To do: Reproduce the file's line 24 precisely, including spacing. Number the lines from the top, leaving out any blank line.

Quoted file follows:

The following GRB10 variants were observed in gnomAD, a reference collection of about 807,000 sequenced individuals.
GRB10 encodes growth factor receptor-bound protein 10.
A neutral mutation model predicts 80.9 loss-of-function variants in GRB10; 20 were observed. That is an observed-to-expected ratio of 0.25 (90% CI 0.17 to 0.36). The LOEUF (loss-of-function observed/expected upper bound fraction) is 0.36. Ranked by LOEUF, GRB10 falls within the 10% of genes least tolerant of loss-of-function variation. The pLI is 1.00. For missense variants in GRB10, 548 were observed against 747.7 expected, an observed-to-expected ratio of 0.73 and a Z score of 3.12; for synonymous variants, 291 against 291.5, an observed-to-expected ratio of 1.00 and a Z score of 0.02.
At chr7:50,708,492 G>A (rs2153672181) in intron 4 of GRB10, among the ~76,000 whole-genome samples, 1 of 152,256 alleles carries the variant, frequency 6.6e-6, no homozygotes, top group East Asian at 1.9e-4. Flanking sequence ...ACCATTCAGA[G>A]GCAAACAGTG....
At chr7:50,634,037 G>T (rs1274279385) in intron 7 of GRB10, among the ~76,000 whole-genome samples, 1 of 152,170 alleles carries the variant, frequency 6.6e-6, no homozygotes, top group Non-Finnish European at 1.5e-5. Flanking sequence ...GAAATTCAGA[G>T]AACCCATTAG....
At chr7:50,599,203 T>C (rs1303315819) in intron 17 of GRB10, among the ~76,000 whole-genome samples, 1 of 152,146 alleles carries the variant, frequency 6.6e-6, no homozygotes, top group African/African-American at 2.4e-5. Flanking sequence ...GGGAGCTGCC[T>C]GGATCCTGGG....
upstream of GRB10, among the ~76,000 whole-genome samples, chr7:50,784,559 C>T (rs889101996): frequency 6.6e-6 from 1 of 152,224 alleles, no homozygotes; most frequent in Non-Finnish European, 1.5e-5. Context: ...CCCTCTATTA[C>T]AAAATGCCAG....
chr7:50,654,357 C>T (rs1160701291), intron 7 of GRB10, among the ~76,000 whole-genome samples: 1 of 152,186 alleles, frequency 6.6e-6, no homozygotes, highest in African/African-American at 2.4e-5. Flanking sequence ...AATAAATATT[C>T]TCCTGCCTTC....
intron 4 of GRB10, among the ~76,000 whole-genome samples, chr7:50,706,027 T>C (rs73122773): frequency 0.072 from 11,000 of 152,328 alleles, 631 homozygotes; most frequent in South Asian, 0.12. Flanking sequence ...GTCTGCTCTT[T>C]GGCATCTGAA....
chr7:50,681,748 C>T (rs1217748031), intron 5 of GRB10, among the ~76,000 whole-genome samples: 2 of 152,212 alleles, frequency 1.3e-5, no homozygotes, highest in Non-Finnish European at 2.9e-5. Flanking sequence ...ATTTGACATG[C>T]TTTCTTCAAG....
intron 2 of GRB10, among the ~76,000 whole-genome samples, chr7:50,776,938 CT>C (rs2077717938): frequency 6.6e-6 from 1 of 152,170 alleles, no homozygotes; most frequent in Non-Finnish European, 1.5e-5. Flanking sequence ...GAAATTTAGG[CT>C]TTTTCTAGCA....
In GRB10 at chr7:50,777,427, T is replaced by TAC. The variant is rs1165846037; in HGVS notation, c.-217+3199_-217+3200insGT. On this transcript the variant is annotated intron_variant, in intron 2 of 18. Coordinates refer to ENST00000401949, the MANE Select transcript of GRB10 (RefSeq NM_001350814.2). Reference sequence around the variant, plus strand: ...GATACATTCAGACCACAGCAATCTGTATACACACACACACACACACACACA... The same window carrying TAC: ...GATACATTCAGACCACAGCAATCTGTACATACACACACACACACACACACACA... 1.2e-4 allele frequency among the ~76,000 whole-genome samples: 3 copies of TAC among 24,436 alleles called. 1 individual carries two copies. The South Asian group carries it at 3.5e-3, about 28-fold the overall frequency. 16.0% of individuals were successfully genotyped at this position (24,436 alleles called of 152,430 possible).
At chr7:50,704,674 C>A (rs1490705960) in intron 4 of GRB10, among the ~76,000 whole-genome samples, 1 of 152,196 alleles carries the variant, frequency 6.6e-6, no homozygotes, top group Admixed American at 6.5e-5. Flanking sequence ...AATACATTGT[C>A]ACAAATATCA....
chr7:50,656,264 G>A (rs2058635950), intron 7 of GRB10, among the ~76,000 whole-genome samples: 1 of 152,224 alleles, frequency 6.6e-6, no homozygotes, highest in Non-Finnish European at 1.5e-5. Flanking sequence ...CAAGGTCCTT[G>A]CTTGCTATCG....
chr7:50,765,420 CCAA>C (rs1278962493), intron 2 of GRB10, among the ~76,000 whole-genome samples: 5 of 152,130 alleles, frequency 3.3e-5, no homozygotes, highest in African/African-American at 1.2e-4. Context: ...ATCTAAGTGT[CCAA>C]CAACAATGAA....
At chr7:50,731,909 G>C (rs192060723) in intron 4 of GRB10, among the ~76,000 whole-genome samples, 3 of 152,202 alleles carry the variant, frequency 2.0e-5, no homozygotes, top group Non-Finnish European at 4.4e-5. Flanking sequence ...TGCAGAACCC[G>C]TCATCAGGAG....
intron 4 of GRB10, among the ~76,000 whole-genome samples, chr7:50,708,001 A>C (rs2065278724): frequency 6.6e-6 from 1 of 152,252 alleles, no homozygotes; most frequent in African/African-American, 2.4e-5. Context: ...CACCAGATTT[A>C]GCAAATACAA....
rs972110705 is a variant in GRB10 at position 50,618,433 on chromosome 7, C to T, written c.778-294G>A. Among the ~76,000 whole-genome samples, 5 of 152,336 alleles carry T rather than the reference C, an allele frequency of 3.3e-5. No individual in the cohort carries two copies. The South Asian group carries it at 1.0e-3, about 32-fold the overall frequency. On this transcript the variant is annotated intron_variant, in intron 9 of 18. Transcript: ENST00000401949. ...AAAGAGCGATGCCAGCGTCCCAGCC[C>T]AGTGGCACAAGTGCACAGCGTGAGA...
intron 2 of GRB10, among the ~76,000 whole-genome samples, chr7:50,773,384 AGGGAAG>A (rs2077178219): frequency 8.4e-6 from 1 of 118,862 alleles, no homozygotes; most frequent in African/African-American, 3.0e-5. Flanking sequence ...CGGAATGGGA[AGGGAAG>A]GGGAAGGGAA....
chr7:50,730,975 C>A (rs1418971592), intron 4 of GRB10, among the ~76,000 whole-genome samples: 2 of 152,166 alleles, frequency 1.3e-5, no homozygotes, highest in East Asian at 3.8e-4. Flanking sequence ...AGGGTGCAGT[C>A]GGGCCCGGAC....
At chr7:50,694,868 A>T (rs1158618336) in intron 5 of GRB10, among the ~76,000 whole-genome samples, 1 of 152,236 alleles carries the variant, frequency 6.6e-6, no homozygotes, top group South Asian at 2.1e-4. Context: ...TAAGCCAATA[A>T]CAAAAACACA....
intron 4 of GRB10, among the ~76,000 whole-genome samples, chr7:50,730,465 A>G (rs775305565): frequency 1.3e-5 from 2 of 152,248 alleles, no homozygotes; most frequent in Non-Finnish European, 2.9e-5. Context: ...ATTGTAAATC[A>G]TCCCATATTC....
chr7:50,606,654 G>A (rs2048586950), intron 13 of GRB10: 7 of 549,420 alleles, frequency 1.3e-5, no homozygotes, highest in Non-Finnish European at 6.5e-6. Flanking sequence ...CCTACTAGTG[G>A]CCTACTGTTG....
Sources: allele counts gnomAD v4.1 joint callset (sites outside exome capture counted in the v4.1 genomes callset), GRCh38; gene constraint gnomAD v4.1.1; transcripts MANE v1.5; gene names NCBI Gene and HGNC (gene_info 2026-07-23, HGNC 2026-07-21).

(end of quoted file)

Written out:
Sources: allele counts gnomAD v4.1 joint callset (sites outside exome capture counted in the v4.1 genomes callset), GRCh38; gene constraint gnomAD v4.1.1; transcripts MANE v1.5; gene names NCBI Gene and HGNC (gene_info 2026-07-23, HGNC 2026-07-21).